The self-published author meltdowns continue unabated. People who are well past the age of majority are behaving like spoiled three-year-olds. And I don't think any of them have a clue as to how embarrassing their behavior is.
I, quite frankly, am embarrassed by them. I, too, am a self-published author, and there are hundreds of others who are not behaving like rotten children who have never been disciplined in their lives.
Whether the issue these jerks are having their tantrums over is bad reviews or legitimate e-book lending sites, they are so completely out of any boundaries of professionalism that they make me despair that authors will never get free of the vampire parasite claws of the traditional publishers.
I don't need to list them, either by name or tantrum or website. You probably already know who they are anyway. What I'm here to ask is that you readers not tar all of us self-publishing authors with the well-deserved "I'm NEVER buying another book of hers!" brush.
There may be a dozen or two dozen or even a hundred of these authors. At the first sign of criticism, they lash out with all the fury of a child deprived of a favorite toy. They may have recruited friends and family members to post gushing reviews and feel entitled to every single one of those Amazon five-star reviews even when they know the opinions of friends and family members are not unbiased. But along comes a reader who has poured her time and money into reading the book and is then disappointed with it, a truly unbiased critic, and she is attacked by these authors, their friends, their fans.
So they set up websites devoted to further lashing out at the critics. They go way beyond anything any other professional would do in any other profession. They threaten and intimidate and refuse to address any of the issues brought up by the critics.
Maybe the book is badly written. Maybe the research is inadequate. Maybe the typos outnumber the lines. It doesn't make any difference: If the reader is disappointed, she is entitled to her opinion and the author is NOT entitled to go after her.
Get that? The author put that work out there. (Yes, I'm repeating earlier admonitions.) The author said, in effect, "Here is my product. I'm done with it. This is the very best I can do and because of the respect I have for my readers, for the people who are investing time and money in anticipation of top quality entertainment, I ask nothing more of you than that. I do not require you to make excuses for me or correct my mistakes. That is not your job; it is mine and you have every right to expect that I've done it before you ever open the file to read."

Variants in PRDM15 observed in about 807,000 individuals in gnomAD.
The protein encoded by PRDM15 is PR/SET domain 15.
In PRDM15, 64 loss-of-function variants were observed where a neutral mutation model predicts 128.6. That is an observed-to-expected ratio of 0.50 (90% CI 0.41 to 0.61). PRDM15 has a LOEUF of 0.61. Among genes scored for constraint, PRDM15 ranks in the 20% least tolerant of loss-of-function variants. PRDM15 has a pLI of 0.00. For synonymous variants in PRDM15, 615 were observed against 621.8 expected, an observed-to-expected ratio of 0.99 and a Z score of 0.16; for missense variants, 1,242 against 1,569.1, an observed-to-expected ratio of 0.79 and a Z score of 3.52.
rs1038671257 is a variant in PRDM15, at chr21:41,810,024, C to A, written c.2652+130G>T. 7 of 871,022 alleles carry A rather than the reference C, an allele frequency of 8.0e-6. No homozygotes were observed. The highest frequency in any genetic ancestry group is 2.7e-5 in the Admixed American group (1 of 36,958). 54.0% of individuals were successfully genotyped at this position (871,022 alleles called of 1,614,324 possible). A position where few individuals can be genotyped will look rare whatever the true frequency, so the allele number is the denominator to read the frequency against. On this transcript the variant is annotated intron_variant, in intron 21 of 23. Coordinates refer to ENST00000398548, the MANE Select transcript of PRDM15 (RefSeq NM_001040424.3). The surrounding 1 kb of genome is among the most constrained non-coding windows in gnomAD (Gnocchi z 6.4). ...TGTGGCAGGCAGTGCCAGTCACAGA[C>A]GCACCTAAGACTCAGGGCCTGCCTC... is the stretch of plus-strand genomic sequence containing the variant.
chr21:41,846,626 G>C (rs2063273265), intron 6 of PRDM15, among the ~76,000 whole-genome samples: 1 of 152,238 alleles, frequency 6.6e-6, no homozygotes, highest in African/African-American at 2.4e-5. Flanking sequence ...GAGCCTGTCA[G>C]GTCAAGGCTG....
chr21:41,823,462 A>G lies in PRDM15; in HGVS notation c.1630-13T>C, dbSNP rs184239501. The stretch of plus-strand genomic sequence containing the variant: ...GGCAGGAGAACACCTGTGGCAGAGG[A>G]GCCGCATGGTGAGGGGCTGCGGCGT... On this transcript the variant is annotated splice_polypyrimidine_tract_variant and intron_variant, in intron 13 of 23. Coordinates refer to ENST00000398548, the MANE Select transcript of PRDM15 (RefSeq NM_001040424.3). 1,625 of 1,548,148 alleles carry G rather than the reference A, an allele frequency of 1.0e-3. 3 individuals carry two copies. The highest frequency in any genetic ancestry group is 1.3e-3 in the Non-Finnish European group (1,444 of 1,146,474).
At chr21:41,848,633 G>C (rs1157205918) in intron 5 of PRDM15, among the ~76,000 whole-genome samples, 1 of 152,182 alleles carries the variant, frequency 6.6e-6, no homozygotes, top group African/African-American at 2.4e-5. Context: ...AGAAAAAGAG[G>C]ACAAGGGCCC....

It is also our job as digital self-publishers to read and understand and abide by our contracts. Yes, authors, when you upload your MSWord file to Kindle or PubIt or whatever, you are entering into a contract, a legally binding contract, with the company that's going to be selling your work. Amazon, Barnes & Noble, Smashwords: They all require you to affirm that you have read and understood and will abide by their Terms of Service before you upload your file. You don't get to opt out of clauses you don't like, and you have no ethical or moral right to take out your frustration on any innocent party if it turns out you didn't read, didn't understand, and/or are not willing to abide by those terms, all of those terms.
There is a list posted on the Amazon "Badly Behaving Authors" discussion thread of authors who have participated in the destruction of an e-book lending site. I'm happy to say I recognized none of the names on that list, which means I have never bought any of their books. Needless to say, I won't buy any in the future. And there are probably other readers who won't, because the word gets around the Internet very, very quickly. And as many have said, the Internet has a very short attention span, but a very, very, very long memory. In other words, peopleare not going to forget this kind of bad behavior.
As writers, our job is to write; as self-publishing authors, our job is to put a professionally produced product in the market place for our readers to buy.
It is not our job to challenge readers, to correct them, to chastise them, to attack them, to "out" them. Never, never, never.
So though I doubt any of the badly behaving authors will ever venture to this blog, perhaps some who do chance by here will tell their friends and colleagues: The most unprofessional thing any author, but especially the self-publishing author, can do is alienate the very people she expects to buy her book. the customer is always right, even when she's wrong.